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Student Growth Percentiles
FAQ

This page provides an overview of student growth percentiles, a new method of measuring student academic growth introduced by OSPI in March 2013. This page will answer the following questions:

What are student growth percentiles?
A student growth percentile (SGP) describes a student’s growth compared to other students with similar prior test scores (their academic peers). Although the calculations for SGPs are complex, percentiles are a familiar method of measuring students in comparison to their peers.   

Washington’s state assessments are not vertically scaled. This means the different MSP grade level tests do not combine to form one long yardstick for measuring growth in math or reading from one grade level to the next. Therefore we cannot measure a student’s absolute growth by comparing last year’s scale score to this year’s. Instead, we can measure student growth by calculating student growth percentiles that indicate the amount of growth a student made in a testing subject over the course of one year, relative to their academic peers. The student growth percentile allows us to fairly compare students who enter school at different levels. It also demonstrates a student’s growth and academic progress, even if she is not yet meeting standard.   

A student growth percentile is a number between 1 and 99. If a student has an SGP of 85, we can say that she showed more growth than 85 percent of her academic peers. A student with a low score on a state assessment can show high growth and a student with a high score can demonstrate low growth. Similarly, two students with very different scale scores can have the same SGP.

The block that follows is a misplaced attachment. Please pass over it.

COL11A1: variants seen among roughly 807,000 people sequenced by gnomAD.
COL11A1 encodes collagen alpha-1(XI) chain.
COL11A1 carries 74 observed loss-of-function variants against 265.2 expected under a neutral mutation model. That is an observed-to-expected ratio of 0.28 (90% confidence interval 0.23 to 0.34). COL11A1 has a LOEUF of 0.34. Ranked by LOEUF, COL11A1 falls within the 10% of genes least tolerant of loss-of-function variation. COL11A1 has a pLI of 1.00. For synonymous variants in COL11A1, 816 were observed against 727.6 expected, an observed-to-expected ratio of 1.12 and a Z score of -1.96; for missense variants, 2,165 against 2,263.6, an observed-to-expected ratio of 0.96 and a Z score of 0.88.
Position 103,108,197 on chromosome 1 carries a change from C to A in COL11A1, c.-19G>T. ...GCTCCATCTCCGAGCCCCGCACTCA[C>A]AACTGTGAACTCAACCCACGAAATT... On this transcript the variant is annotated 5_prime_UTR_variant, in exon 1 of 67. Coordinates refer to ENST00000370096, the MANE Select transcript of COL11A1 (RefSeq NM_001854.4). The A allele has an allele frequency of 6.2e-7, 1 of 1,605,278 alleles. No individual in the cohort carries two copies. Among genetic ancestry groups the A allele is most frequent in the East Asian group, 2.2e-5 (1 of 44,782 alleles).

How are student growth percentiles calculated?
Student growth percentiles are measured by using a statistical method called quantile regression that describes the relationship between students’ previous scores and their current year’s scores. For more discussion of the SGP model, please see the technical resources on the Student Growth School and District Resources webpage.

To whom are students being compared? What is an “Academic Peer”?
For SGPs, a student is compared to his/her academic peers. A student’s “academic peers” are all students in Washington State in the same grade and assessment subject that had statistically similar scores in previous years. In other words, they are students that have followed a similar assessment score path. A student’s growth percentile represents how much a student grew in comparison to these academic peers. 

What is a median growth percentile?
The median growth percentile summarizes student growth percentiles by district, school, grade level, or other group of interest. The median is calculated by ordering individual student growth percentiles from lowest to highest, and identifying the middle score, which is the median. The median may not be as familiar to people as the average, but it is similar in interpretation – it summarizes the group in a single number that is fairly calculated to reflect the group as a whole. (Medians are more appropriate to use than averages when summarizing a collection of percentile scores.)

What is a “two-year target”?
The two year target represents the amount of growth a student will need in the next two years in order to reach or remain at or above proficiency. The two year target helps us not only to look at how much growth a student has made, but what amount of growth is enough to get them where they need to be. For more details on this topic, please see the “Two Year Target & Catch-Up, Keep-Up Definitions” slides on the OSPI Student Growth Percentiles webpage. The two-year targets are based on the current Washington State assessment program. These targets could change when the state shifts to the new Smarter Balanced Assessment.